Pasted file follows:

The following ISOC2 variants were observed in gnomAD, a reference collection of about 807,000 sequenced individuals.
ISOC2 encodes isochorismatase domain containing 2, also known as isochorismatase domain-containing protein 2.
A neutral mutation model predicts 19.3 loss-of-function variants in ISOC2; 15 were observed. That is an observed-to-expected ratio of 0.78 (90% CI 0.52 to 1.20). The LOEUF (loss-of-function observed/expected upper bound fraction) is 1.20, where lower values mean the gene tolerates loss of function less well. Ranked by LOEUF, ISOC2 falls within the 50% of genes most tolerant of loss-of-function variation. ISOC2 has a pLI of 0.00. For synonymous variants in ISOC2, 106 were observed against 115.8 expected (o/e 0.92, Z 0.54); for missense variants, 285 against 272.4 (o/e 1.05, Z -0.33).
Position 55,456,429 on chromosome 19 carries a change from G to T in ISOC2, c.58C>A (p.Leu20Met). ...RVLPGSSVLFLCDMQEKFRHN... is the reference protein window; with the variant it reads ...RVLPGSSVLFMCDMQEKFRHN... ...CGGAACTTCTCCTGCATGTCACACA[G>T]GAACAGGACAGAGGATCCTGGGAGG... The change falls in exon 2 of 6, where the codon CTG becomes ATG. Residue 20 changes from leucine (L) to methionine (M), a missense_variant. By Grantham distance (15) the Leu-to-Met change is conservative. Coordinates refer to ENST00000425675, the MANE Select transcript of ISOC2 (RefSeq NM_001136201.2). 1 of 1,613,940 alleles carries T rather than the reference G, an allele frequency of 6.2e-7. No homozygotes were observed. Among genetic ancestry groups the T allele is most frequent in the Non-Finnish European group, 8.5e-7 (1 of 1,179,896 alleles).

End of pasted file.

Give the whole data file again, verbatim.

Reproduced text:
The following ISOC2 variants were observed in gnomAD, a reference collection of about 807,000 sequenced individuals.
ISOC2 encodes isochorismatase domain containing 2, also known as isochorismatase domain-containing protein 2.
A neutral mutation model predicts 19.3 loss-of-function variants in ISOC2; 15 were observed. That is an observed-to-expected ratio of 0.78 (90% CI 0.52 to 1.20). The LOEUF (loss-of-function observed/expected upper bound fraction) is 1.20, where lower values mean the gene tolerates loss of function less well. Ranked by LOEUF, ISOC2 falls within the 50% of genes most tolerant of loss-of-function variation. ISOC2 has a pLI of 0.00. For synonymous variants in ISOC2, 106 were observed against 115.8 expected (o/e 0.92, Z 0.54); for missense variants, 285 against 272.4 (o/e 1.05, Z -0.33).
Position 55,456,429 on chromosome 19 carries a change from G to T in ISOC2, c.58C>A (p.Leu20Met). ...RVLPGSSVLFLCDMQEKFRHN... is the reference protein window; with the variant it reads ...RVLPGSSVLFMCDMQEKFRHN... ...CGGAACTTCTCCTGCATGTCACACA[G>T]GAACAGGACAGAGGATCCTGGGAGG... The change falls in exon 2 of 6, where the codon CTG becomes ATG. Residue 20 changes from leucine (L) to methionine (M), a missense_variant. By Grantham distance (15) the Leu-to-Met change is conservative. Coordinates refer to ENST00000425675, the MANE Select transcript of ISOC2 (RefSeq NM_001136201.2). 1 of 1,613,940 alleles carries T rather than the reference G, an allele frequency of 6.2e-7. No homozygotes were observed. Among genetic ancestry groups the T allele is most frequent in the Non-Finnish European group, 8.5e-7 (1 of 1,179,896 alleles).